'Heart shrinking' trial to combat heart failure to begin

Heart Nearly one million people in the UK have heart failure.

Related Stories

A trial using electricity to shrink the hearts of patients with heart failure is about to start in Liverpool.

It will involve electrically stimulating one of the nerves leading to the heart, which it is hoped could shrink the heart and improve life expectancy.

The technique is being trialled in humans after it was shown to keep rats and dogs alive for longer.

This first patient at Liverpool will be operated on in the next few days.

The heart pumps blood around the body, and when it fails to do this properly people can become tired and out of breath far more quickly. For some patients it feels like running a marathon when they are only sitting in an armchair.

Heart failure affects around 900,000 people in the UK and can be the result of high blood pressure, dead heart muscle after a heart attack, or a genetic condition.

Bigger and bigger

As the heart loses its ability to pump, it fills with too much blood and becomes stretched over time. The more the heart enlarges, the worse the symptoms.

Surgeons at Liverpool Heart and Chest Hospital and The Royal Liverpool University Hospital hope to reverse the damage.

They will fit a device - similar to a pacemaker - to the vagus nerve which runs to the heart. Surgeons said the electrical stimulation should "protect the heart" from the effects of the hormone adrenaline.

Adrenaline makes the heart pump harder and faster; this is one of the body's responses to heart failure - but doctors say it becomes toxic over time and damages the heart further.

The idea is that by shielding the heart, it will stop enlarging and begin to shrink.

Start Quote

Being the first person to have this device implanted in Liverpool was a huge decision... hopefully it will improve my quality of life”

End Quote Carl Jordan First patient

Dr Jay Wright, a consultant cardiologist at Liverpool Heart and Chest Hospital, told the BBC: "We're hoping it will shrink the heart, but it might not be to normal size."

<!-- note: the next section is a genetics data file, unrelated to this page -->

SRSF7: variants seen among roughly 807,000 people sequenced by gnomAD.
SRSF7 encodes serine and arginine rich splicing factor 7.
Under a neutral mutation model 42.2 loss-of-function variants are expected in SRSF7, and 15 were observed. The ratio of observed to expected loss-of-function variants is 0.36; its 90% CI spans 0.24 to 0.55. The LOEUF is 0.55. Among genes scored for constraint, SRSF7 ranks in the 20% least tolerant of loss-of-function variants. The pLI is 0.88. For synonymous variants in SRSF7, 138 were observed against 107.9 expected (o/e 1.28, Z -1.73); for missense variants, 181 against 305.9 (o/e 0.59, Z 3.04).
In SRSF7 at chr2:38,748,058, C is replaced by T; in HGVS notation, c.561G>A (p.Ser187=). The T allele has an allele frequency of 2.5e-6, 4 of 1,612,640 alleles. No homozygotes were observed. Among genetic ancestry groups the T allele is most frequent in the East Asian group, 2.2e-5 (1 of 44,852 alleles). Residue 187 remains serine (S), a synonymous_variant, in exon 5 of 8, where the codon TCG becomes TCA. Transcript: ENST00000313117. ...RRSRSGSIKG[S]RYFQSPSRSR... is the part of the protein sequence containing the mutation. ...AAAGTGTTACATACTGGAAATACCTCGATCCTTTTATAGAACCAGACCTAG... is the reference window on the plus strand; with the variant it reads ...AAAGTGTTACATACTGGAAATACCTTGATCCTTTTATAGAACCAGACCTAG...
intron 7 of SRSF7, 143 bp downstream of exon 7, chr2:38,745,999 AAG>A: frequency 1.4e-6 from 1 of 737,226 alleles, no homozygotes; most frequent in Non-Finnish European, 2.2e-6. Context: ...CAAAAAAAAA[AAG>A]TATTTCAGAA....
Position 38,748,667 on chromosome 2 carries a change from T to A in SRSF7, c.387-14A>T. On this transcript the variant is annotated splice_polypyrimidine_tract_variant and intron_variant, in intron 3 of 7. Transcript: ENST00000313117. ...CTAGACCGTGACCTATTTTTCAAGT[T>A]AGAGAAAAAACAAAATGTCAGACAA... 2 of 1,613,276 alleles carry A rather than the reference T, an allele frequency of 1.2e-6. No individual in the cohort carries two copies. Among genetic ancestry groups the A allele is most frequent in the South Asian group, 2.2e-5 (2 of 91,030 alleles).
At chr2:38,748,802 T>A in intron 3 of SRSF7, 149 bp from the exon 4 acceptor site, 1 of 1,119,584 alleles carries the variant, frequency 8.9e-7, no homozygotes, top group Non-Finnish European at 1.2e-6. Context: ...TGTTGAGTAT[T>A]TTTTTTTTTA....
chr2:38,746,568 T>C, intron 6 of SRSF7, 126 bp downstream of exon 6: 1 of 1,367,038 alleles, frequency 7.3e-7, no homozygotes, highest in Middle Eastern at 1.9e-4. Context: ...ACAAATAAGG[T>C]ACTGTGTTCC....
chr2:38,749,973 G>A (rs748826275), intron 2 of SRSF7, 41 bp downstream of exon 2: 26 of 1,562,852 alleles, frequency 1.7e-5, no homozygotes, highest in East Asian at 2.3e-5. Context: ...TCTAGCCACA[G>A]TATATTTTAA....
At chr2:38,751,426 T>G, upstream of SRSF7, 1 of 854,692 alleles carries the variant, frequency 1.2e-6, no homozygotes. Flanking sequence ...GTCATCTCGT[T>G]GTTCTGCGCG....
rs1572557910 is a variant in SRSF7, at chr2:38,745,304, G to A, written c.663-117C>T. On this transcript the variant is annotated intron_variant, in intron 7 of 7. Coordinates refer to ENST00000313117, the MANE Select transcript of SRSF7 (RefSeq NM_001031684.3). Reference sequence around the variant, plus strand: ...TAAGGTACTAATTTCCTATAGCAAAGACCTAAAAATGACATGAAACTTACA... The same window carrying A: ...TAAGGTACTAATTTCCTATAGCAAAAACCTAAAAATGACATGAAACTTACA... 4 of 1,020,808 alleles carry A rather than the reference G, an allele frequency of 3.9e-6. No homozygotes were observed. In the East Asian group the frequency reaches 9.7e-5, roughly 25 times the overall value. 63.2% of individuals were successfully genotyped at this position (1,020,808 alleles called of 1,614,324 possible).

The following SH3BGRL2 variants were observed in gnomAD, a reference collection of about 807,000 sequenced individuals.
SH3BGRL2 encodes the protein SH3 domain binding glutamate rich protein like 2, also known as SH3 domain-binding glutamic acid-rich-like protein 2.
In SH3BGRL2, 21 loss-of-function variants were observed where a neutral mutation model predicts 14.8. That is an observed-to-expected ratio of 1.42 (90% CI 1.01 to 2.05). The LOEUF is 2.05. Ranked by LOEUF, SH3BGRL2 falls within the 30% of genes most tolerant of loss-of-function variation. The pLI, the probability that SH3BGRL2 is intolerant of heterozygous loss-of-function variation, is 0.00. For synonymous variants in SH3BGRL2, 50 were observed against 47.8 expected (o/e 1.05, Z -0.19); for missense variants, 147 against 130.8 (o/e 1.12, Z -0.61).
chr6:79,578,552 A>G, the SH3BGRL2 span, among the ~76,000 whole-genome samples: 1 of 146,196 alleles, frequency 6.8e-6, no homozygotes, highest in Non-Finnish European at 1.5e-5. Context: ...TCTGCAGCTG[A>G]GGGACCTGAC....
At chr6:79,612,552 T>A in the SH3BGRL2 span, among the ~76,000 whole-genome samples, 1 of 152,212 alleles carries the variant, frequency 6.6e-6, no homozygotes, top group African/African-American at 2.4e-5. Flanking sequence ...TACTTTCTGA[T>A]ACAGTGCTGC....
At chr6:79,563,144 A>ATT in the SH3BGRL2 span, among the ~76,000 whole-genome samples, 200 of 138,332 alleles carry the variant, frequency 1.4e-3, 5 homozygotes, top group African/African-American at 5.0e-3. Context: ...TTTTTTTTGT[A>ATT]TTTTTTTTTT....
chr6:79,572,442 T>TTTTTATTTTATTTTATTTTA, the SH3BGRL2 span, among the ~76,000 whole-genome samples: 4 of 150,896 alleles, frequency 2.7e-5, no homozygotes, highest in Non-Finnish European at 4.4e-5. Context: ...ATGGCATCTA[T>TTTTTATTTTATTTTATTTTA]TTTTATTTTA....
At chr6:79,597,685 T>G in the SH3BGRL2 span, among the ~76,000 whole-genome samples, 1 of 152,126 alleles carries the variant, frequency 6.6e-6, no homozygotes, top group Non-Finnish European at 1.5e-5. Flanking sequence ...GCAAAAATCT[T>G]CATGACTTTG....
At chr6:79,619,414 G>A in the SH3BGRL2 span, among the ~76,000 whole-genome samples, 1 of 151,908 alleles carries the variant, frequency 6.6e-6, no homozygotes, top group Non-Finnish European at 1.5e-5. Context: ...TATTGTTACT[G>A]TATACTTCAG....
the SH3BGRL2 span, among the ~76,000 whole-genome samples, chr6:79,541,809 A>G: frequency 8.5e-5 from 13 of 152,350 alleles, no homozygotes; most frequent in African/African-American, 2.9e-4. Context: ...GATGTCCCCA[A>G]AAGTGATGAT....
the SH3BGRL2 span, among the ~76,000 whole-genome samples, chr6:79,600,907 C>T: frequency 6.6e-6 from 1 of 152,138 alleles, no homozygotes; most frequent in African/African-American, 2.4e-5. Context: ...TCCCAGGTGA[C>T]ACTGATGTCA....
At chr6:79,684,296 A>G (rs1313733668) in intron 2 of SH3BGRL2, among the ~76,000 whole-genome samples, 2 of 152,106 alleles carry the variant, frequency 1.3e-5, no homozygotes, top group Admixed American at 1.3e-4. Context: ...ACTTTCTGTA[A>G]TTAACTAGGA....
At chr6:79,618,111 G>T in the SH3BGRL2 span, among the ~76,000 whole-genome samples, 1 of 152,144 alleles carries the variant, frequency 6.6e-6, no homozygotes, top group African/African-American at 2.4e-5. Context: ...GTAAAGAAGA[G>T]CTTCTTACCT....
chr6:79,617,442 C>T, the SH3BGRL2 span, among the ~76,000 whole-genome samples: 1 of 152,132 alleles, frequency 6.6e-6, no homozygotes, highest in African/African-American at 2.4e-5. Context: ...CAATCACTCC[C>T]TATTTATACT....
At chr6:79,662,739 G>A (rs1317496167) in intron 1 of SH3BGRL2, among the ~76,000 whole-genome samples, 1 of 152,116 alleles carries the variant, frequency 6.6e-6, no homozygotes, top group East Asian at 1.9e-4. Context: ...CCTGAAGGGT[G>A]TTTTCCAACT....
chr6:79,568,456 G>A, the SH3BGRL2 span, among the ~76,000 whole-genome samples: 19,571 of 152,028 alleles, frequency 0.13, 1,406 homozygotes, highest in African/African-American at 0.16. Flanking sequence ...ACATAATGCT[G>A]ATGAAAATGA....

He said shrinkage "would lead to improvement in symptoms - we know that the bigger the heart the worse the symptoms".

Nearly 100 patients will take part in the trial at 30 hospitals around the world.

Carl Jordan, who used to be a paramedic, will be operated on this week. He has had several heart attacks which have damaged his heart, causing it to become enlarged.

He said: "Being the first person to have this device implanted in Liverpool was a huge decision.

"My quality of life at the moment is not great, because of the restrictions my condition has imposed on me, especially the breathing problem, as some days this is quite severe and getting worse.

"Another factor is I have a young family who, although I am the one with the illness, they too are living with it and see every day what it can do to me, so hopefully it will improve my quality of life as well as the lives of others."

The Bristol Heart Institute is hoping to impant the device into five to 10 patients over the next year.

Dr Angus Nightingale, a consultant cardiologist at Bristol, said: "Stimulating the vagus nerve is commonly used to treat epilepsy and depression, but may have other significant benefits.

"The stimulation should alter the balance of the system and improve cardiac function."

More on This Story

Related Stories

The BBC is not responsible for the content of external Internet sites

More Health stories


Features & Analysis

BBC Future

(Getty Images)

What it’s really like to die

The seven experiences you face at the end


  • Former al-Qaeda double agent Aimen DeanHARDtalk Watch

    Islamic State is about revenge says former al-Qaeda member turned spy Aimen Dean

Try our new site and tell us what you think. Learn more
Take me there

Copyright © 2015 BBC. The BBC is not responsible for the content of external sites. Read more.

This page is best viewed in an up-to-date web browser with style sheets (CSS) enabled. While you will be able to view the content of this page in your current browser, you will not be able to get the full visual experience. Please consider upgrading your browser software or enabling style sheets (CSS) if you are able to do so.